SUMMER! Yes, I know that it is impolite to yell, but I just have to scream it from the rooftop! This is my favorite time of the year. Tropical systems aside the weather is ideal for just about all of my favorite activities. After the last six months or so of front after front and water just cool enough to keep me out of it, this fishing ADD afflicted angler just doesn’t know what to do next.
I will just have to start with fishing for dolphin. Dolphin fishing is the most requested trip that I get in the summer months. The promise of lots of hungry fish available on multiple types of tackle, in a variety of depths, gets people from all over the country heading this way for a chance at the tasty treats. While this year has seen some hot and cool fishing days, there have still been plenty of fish if you put in the dedication and miles to find them. Hopefully this summer will see a return to the normal migration patterns and the fish will move closer to shore and be more accessible to the mosquito fleet. There have been less than the normal number of slammer and super slammer-sized dolphin caught this year, so let’s hope that the summer will more than make up for the moderate size fish that we have been experiencing.
Usually an add-on to a day out dolphin fishing, but I love to do a deep drop or two when the conditions are right. Calm to moderate winds, and a knot or two of current, make deep dropping on medium spinning gear not only possible, but an easy affair. A chicken rig with three to four droppers, lead by three to four six ounce sinkers, are all that is necessary to land a great supplement to the fish box. If you think to bring squid along, so much the better, if not, dolphin belly or bonito strips make excellent bait. There is not much chance of getting exhausted, as the Federal government has decided, in all of its wisdom (insert sarcastic expression), to limit us to one snowy grouper and one blueline tilefish per boat, per day. You never know what you may find when dropping to 550 to 750 feet of water. A few black-bellied rosefish or a barrelfish are great extra treats.My next favorite summer fishing activity is the mangrove snapper spawn on the reef line. So far, the snapper have been moving out to the reef earlier than usual. Already the end of May had seen fish gathering on the reef, packed with eggs ready to spawn. There is a wide variety of fish sizes mixed together, so it pays to target the larger of the group to maximize your take. If you are fishing during the day, the bite will be slower than in the evening, and taking extra precautions, like fishing with fluorocarbon leader and live pinfish, will help maximize the bite.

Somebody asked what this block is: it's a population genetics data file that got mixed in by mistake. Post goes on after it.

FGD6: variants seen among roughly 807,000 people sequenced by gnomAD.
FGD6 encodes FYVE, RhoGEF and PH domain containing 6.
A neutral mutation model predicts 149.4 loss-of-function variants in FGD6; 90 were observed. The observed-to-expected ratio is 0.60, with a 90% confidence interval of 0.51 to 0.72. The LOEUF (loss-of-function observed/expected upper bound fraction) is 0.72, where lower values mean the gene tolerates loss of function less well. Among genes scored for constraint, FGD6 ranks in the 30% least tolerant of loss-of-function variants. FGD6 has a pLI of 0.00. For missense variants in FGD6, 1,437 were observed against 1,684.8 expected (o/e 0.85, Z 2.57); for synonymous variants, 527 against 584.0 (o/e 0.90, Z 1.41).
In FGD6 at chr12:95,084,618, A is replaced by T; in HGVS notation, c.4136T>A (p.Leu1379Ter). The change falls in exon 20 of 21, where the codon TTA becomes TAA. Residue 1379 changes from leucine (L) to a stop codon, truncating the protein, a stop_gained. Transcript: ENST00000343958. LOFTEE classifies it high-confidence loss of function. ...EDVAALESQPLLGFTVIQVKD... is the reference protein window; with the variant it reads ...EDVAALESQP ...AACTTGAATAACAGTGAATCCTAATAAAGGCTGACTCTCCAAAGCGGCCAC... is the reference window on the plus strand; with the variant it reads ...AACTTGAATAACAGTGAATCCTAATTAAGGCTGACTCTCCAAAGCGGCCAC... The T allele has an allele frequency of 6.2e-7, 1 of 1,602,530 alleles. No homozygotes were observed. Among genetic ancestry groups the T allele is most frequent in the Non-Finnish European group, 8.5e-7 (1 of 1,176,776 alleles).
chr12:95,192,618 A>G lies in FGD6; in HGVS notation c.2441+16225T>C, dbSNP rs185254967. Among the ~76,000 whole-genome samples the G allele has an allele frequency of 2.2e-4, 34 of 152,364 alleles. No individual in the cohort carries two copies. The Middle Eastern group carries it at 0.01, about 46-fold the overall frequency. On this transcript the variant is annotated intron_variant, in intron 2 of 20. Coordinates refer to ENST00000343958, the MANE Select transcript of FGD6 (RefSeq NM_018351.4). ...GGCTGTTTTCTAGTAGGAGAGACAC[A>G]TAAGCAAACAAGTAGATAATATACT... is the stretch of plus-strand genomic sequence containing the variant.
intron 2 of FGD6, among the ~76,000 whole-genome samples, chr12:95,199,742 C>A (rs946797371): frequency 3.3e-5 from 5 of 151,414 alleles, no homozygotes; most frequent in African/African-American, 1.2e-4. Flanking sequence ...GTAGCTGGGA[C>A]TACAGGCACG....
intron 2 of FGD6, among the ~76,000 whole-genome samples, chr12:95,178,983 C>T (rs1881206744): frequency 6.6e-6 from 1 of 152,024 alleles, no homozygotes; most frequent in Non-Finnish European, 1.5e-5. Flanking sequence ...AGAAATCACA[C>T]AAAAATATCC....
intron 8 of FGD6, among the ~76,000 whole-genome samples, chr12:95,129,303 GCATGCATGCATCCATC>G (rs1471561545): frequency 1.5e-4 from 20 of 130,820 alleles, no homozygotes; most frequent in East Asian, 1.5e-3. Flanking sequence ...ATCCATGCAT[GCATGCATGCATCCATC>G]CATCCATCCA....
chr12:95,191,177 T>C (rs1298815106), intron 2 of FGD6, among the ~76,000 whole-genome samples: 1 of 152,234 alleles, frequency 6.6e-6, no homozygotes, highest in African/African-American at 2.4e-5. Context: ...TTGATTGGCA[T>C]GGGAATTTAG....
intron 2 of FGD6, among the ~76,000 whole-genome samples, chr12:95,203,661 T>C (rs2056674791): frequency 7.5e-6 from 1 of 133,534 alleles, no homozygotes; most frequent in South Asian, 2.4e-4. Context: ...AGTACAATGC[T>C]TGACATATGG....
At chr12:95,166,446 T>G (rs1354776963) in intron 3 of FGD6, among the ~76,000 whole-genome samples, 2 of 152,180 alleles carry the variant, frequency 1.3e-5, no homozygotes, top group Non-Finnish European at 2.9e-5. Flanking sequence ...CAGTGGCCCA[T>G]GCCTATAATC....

Getting out in the late afternoon, just before sunset, is a great way to end the day. That is, if you can silhouette a giant tarpon jumping against the setting sun. The last hour, before and after the sunset, will see the best opportunity of the day to put a giant tarpon into the air.
Whether you are floating big pinfish, crabs, or mullet you will have a great chance of hooking up with a tarpon along most of the Keys’ bridges and deeper channels. Just note where the areas’ shallow bays are dumping off into the channel, and set up shop there. The tarpon will move off of the shallows and into the channels before dark. If the current is moving hard, you can often get away with drifting your bait back without a float. If the tide is slacking, you will need a float to keep your bait out of the bottom and up in the strike zone. Personally, I recommend heavier tackle than most. I believe it is an injustice to fight a fish to exhaustion on light gear; the fish is more deeply exhausted and has less of a chance of recovery, and the predators are just being invited to an easy meal. Fifty-pound braid on matching spinning gear gives both the angler and fish a good tug.
Last, but definitely not least, is snorkeling for lobster. Mini lobster season will find lobster jammed into just about every ledge and coral head in the Keys. Mask, fins, snorkel, gloves, measuring device, net, stick, and dive flag are all that is required for just about anyone to have a great time. Whether from shore or boat, just about anywhere that you can find hard bottom or a rocky shore, there will be lobster.
I know that you do not have to do it all in one day, but for the fishing ADD afflicted, it is just hard to decide where to stop.
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